Legal Ethics

Child porn possession convictions mean automatic disbarment, state supreme court rules

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A conviction for possession of child pornography is automatic grounds for disbarment, the California Supreme Court has held.

The court, in a unanimous ruling (PDF) Thursday, said that keeping sexual images of children constitutes an act of moral turpitude that makes a lawyer unfit for practice, the Associated Press reports.

“The knowing possession of child pornography is a serious breach of the duties of respect and care that all adults owe to all children, and it shows such a flagrant disrespect for the law and for societal norms that continuation of a convicted attorney’s state bar membership would be likely to undermine public confidence in and respect for the legal profession,” Justice Carol Corrigan wrote for the court.

The ruling came in the case of Gary D. Grant, a former Army lawyer at the Los Alamitos Army Reserve Base in Orange County who had a civil litigation practice.

Grant pleaded guilty to one count of knowingly possessing child pornography in 2009 after being identified in a federal investigation that tracked visitors to child porn websites.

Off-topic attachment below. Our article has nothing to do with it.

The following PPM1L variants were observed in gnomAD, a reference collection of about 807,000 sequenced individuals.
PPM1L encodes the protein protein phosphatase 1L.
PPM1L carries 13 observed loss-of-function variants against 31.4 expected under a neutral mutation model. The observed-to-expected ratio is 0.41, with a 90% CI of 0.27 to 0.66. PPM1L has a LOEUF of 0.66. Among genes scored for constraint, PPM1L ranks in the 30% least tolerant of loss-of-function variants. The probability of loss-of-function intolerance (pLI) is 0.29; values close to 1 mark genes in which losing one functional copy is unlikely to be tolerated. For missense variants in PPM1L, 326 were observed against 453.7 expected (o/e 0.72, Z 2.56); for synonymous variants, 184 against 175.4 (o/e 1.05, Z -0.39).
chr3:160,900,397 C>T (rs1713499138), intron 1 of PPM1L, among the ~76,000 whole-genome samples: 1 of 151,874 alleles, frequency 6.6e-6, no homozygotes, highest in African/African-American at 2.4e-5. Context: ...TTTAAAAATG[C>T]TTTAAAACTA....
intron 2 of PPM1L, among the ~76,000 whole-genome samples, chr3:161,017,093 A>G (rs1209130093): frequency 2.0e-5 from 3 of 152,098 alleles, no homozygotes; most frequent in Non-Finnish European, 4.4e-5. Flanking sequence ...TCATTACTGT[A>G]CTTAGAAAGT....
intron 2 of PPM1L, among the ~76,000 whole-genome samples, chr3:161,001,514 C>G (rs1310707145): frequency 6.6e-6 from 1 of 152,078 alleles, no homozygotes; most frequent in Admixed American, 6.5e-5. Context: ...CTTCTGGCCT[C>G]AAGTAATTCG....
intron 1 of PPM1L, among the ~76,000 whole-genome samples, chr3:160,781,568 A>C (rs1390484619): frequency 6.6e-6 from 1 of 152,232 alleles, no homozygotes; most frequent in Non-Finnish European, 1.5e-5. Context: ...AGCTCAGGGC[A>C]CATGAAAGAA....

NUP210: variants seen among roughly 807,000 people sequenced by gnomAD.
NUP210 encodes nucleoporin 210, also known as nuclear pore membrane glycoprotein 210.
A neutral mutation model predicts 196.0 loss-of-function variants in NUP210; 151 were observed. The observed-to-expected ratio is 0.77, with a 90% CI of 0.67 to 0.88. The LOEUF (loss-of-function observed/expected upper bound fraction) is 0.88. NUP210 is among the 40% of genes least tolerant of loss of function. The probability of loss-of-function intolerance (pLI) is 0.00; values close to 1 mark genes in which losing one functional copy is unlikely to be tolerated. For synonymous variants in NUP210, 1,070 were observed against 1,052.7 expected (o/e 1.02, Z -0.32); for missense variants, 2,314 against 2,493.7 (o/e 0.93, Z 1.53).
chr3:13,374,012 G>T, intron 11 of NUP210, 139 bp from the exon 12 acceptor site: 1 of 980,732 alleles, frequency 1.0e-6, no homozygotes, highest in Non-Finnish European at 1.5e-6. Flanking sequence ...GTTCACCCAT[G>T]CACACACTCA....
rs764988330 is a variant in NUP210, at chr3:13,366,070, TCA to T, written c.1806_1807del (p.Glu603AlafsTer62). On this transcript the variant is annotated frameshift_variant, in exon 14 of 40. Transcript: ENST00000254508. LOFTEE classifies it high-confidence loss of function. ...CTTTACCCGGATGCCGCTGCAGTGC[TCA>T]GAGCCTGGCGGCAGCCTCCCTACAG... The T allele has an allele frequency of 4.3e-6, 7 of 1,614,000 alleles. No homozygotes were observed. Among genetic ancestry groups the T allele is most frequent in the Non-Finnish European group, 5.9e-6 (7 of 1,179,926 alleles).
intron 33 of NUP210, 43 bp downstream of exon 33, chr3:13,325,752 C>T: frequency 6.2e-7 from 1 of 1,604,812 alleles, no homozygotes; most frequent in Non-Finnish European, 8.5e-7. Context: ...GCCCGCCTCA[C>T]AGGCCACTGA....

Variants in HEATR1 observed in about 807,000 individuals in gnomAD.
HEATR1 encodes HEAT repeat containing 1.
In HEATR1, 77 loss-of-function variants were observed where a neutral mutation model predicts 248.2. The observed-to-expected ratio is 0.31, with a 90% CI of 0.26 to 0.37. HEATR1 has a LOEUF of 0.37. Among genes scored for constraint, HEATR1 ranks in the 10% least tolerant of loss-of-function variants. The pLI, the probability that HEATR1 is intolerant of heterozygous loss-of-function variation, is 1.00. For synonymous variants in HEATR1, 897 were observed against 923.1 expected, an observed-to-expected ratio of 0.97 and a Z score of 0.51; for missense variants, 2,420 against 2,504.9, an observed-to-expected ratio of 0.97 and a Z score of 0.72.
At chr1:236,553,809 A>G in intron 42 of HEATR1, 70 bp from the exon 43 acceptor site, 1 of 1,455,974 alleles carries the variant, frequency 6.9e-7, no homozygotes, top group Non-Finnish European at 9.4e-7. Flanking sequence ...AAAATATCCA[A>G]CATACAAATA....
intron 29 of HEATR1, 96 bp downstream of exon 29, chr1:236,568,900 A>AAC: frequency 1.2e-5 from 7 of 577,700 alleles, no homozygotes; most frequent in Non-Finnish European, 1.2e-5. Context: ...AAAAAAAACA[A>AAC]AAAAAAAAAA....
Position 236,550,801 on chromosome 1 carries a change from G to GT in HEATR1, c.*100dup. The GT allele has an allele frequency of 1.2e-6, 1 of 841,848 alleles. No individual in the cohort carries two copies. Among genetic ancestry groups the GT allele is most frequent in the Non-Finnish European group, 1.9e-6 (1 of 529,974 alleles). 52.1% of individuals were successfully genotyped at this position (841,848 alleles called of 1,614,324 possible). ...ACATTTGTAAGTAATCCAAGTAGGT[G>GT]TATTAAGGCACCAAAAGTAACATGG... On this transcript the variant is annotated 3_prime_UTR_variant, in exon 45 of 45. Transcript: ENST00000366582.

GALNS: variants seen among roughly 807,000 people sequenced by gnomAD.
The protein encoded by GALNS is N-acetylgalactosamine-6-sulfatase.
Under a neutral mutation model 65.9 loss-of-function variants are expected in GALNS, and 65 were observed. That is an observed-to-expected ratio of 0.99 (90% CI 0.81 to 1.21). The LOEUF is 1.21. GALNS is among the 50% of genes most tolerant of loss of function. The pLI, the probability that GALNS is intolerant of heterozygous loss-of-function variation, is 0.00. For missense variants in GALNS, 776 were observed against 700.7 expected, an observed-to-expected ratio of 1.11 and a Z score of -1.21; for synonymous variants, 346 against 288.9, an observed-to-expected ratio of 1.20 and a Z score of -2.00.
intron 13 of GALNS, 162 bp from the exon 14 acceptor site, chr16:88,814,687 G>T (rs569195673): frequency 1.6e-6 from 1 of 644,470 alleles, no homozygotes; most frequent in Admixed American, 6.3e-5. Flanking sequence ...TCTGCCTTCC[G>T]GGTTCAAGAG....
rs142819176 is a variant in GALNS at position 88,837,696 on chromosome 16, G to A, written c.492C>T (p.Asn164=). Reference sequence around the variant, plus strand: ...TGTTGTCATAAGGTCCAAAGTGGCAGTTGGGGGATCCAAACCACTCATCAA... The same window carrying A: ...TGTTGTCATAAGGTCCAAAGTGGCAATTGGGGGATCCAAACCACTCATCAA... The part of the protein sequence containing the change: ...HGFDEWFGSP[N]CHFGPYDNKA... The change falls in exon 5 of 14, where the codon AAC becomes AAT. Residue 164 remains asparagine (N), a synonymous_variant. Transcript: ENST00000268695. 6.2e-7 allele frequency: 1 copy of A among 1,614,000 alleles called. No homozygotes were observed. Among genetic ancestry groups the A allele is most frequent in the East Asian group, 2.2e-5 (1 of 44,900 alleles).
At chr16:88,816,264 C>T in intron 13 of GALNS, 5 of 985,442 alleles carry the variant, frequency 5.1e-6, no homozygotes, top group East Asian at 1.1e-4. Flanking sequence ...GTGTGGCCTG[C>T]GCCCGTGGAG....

Grant, who admitted having an addiction to adult pornography, said he had inadvertently downloaded images of girls under the age of 16, but had immediately deleted them, the Los Angeles Times reports. He said he pleaded guilty because he and his lawyer believed that viewing even a fleeting image of unsolicited child pornography violated the law.

A state bar judge had recommended that Grant be disbarred. But a bar review board recommended that he be suspended for two years and placed on probation.

The Supreme Court, however, pointed out that Grant pleaded guilty to knowingly possessing child pornography. “The only question here is whether that crime, as admitted by him, constitutes moral turpitude per se. It does,” Corrigan wrote.

Hat tip to How Appealing.

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